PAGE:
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Vigilant Over Argentina's Future, and Past

President Kirchner is confronting crimes of the 'dirty war' and has attained leadership status in the region. He meets with Bush today.

July 23, 2003|Carol J. Williams | Times Staff Writer

TUCUMAN, Argentina — That no one ever faced justice for torturing and killing human rights attorney Angel Gerardo Pisarello is an anguish relived by his widow and daughter each morning. That is when a chauffeur-driven car delivers the accused mastermind of the outrage to an office across the street from their apartment.

Out steps retired Gen. Antonio Bussi, pardoned in a general amnesty for those accused of crimes during Argentina's 1976-83 military dictatorship. The 77-year-old military man, who ruled Tucuman province under the junta, is now the elected mayor.

"It's traumatizing to live in a society where every day you can come across a killer walking the streets freely," said Aurora Prados de Pisarello, 50, the slain attorney's daughter. "There can be no democracy in Argentina until there is justice."

For the first time since 1976, when Pisarello was kidnapped by masked soldiers and his abused body dumped in a park, the family of a victim of what is known as the "dirty war" can hope this country will cast aside taboos and confront the crime.

President Nestor Kirchner has put Argentines on notice that the wrongs of the past will be dealt with. To the cheers of his people, he has also targeted corruption, government ineptitude and a legacy of subservience to the United States and international lending institutions.

Kirchner's emergence from political nowhere this year to become de facto leader of a left-leaning alliance of Latin American powers has also caught the attention of the White House. After nearly two years of riveted U.S. focus on terrorism and the Middle East, the Bush administration appears to have noticed its neighbors' drift out of Washington's orbit, as Kirchner has been summoned to talks with President Bush today.

The meeting is expected to emphasize financial issues, primarily Argentina's quest for a more accommodating repayment plan for its $150-billion foreign debt.

But the White House invitation also signals recognition of Kirchner's dramatic rise to regional prominence and the respect he has won among Argentines whose disgust for government had reached historic levels before his surprise election.

Despite low expectations of a man who won only 21% of the first-round vote and emerged in May as the winner by default, Kirchner has rattled the cages of Argentina's demons. Not only are the dictatorship suspects squirming in their mahogany-paneled clubs, but the civilian leaders who pardoned them and then oversaw the plundering of Latin America's most prosperous country are also under intensified scrutiny.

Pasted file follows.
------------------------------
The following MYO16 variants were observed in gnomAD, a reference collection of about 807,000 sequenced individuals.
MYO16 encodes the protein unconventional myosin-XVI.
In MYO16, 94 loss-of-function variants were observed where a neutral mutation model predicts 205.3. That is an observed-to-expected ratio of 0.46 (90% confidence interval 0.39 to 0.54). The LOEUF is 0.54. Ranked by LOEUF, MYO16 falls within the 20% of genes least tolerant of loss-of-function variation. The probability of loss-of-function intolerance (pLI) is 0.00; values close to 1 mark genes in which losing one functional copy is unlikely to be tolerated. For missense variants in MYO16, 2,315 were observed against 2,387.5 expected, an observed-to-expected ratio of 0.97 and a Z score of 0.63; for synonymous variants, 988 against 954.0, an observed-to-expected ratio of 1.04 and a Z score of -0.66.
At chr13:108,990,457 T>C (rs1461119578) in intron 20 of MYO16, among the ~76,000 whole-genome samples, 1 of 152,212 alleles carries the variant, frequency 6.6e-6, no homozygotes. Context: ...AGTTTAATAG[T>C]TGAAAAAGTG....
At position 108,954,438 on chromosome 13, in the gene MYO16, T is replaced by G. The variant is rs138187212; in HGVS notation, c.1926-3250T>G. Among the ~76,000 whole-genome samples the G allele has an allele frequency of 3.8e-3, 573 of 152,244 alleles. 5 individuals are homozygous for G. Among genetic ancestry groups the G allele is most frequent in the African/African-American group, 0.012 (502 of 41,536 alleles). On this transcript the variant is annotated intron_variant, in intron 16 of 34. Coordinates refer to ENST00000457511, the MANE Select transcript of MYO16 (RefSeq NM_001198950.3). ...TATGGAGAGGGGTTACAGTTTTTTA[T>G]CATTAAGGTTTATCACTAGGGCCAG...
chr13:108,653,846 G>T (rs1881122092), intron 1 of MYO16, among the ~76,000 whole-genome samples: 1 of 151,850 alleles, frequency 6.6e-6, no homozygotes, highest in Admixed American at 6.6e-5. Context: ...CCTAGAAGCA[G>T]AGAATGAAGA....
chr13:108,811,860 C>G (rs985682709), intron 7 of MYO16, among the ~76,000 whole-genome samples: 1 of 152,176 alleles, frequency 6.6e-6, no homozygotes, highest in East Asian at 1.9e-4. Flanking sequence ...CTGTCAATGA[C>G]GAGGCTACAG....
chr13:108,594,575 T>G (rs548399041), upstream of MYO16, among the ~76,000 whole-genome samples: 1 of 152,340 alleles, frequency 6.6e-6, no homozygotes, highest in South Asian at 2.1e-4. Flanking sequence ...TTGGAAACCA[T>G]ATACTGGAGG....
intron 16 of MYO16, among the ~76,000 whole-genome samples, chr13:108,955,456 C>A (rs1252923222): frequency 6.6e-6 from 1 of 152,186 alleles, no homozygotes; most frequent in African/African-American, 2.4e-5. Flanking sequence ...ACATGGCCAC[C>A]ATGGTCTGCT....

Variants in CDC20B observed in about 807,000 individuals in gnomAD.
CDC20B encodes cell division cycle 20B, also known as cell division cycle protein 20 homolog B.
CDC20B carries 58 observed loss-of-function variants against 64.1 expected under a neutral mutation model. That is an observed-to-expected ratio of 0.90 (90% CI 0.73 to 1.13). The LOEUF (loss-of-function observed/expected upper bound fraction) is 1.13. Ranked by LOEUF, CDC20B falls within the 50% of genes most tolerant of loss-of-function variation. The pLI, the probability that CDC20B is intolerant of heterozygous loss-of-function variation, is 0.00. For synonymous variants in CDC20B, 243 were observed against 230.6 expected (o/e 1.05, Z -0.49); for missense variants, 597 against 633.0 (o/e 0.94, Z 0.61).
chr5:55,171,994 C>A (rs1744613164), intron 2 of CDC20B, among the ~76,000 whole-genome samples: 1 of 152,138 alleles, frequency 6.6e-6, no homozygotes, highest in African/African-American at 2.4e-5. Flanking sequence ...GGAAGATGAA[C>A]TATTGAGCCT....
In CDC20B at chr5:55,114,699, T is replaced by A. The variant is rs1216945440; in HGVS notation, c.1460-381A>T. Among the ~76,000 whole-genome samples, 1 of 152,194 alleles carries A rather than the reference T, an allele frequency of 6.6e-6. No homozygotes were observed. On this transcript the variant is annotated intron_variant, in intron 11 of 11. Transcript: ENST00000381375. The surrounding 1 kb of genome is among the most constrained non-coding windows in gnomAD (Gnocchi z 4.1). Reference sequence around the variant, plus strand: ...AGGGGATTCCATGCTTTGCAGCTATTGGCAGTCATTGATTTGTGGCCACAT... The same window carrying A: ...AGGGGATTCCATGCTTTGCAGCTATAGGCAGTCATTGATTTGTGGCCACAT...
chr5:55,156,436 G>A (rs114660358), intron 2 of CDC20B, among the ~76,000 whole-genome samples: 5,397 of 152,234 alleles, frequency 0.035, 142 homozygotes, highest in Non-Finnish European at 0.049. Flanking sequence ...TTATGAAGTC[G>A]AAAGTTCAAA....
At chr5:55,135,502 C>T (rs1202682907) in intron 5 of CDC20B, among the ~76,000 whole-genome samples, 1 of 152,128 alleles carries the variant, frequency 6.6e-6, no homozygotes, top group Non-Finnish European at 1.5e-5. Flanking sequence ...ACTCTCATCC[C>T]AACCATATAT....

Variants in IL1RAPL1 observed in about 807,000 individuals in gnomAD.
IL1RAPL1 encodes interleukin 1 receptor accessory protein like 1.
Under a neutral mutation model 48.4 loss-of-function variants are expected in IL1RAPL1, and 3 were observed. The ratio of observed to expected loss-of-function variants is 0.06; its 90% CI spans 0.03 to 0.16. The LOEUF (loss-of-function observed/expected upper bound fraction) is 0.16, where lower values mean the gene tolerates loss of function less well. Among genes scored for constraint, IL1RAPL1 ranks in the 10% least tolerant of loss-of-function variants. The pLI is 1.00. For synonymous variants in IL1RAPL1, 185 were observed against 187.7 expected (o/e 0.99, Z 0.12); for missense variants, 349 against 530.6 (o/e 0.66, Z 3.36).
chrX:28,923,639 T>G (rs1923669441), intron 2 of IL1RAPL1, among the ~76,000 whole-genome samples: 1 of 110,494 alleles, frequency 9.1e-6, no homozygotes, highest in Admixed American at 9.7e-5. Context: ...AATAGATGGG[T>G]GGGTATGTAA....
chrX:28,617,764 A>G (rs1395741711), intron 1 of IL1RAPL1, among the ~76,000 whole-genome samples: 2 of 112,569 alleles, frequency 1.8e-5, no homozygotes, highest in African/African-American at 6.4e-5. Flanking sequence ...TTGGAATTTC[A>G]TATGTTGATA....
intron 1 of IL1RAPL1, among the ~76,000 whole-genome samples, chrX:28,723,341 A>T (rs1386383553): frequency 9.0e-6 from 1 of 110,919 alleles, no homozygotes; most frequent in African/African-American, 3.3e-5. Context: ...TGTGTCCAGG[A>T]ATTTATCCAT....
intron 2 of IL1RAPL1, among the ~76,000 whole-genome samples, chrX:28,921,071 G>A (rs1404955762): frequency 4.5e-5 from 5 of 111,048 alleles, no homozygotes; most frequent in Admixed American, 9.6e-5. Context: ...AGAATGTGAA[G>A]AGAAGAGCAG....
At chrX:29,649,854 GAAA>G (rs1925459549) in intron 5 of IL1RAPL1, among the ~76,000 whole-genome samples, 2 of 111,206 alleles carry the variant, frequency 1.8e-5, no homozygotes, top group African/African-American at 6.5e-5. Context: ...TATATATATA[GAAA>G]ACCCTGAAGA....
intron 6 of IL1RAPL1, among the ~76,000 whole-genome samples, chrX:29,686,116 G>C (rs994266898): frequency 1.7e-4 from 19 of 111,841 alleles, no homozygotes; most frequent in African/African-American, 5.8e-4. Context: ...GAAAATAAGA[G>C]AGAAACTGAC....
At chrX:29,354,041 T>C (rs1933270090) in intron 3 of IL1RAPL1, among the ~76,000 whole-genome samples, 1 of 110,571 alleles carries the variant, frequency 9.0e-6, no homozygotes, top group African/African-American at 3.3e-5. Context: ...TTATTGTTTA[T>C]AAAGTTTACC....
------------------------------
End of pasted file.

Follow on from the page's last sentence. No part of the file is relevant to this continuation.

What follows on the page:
An unassuming lawyer and former governor of a province in Patagonia -- the back of beyond, in the view of most residents of Buenos Aires -- Kirchner has earned the nickname "Hurricane K" for the speed and fury of his changes. He cleaned the courts, the police and the armed forces of figures who were tainted by association with or support for the junta that presided over the reign of terror in which an estimated 30,000 people are believed to have been slain. He's threatened a crackdown on tax cheats, seized the assets of the national health service for pensioners, which is reputed to be the government's most inept service, and taken tough positions on international lenders.

Putting the armed forces on notice that the fear-induced silence over the dirty war is being broken, Kirchner has hinted that he might meet human rights advocates' demands that the 1990 pardons granted by former President Carlos Menem be rescinded.

Kirchner won those activists over with his assertion that Argentina needed a judicial airing of its dictatorial past akin to the Nazi war crimes trials conducted at Nuremberg.

The new president's dynamic overtures, though dismissed as populism by critics, have kindled an emotional revolution among Argentines, who have suffered as much from political apathy in recent months as from the December 2001 economic collapse.

Despite the fact that half the nation's 37 million people live in poverty, and that the 20% unemployment rate is the highest since the Great Depression, Kirchner, the sixth president in less than two years, has approval ratings topping 80%.

He confronted the military brass head-on when he attended an annual banquet June 30 and told the assembled officers to engage in self-examination because there would be neither social peace nor democracy amid "complicity and silence."

That pointed remark sparked expectations that Kirchner would repeal a decree by former President Fernando de la Rua that shielded accused Argentines from extradition. It also encouraged a Spanish judge to reissue prosecution orders against 46 high-ranking officers accused of murder and genocide -- Bussi among them -- in cases in which the victims included Spaniards.

Kirchner's moral cleanup has found favor even in parts of the military community.

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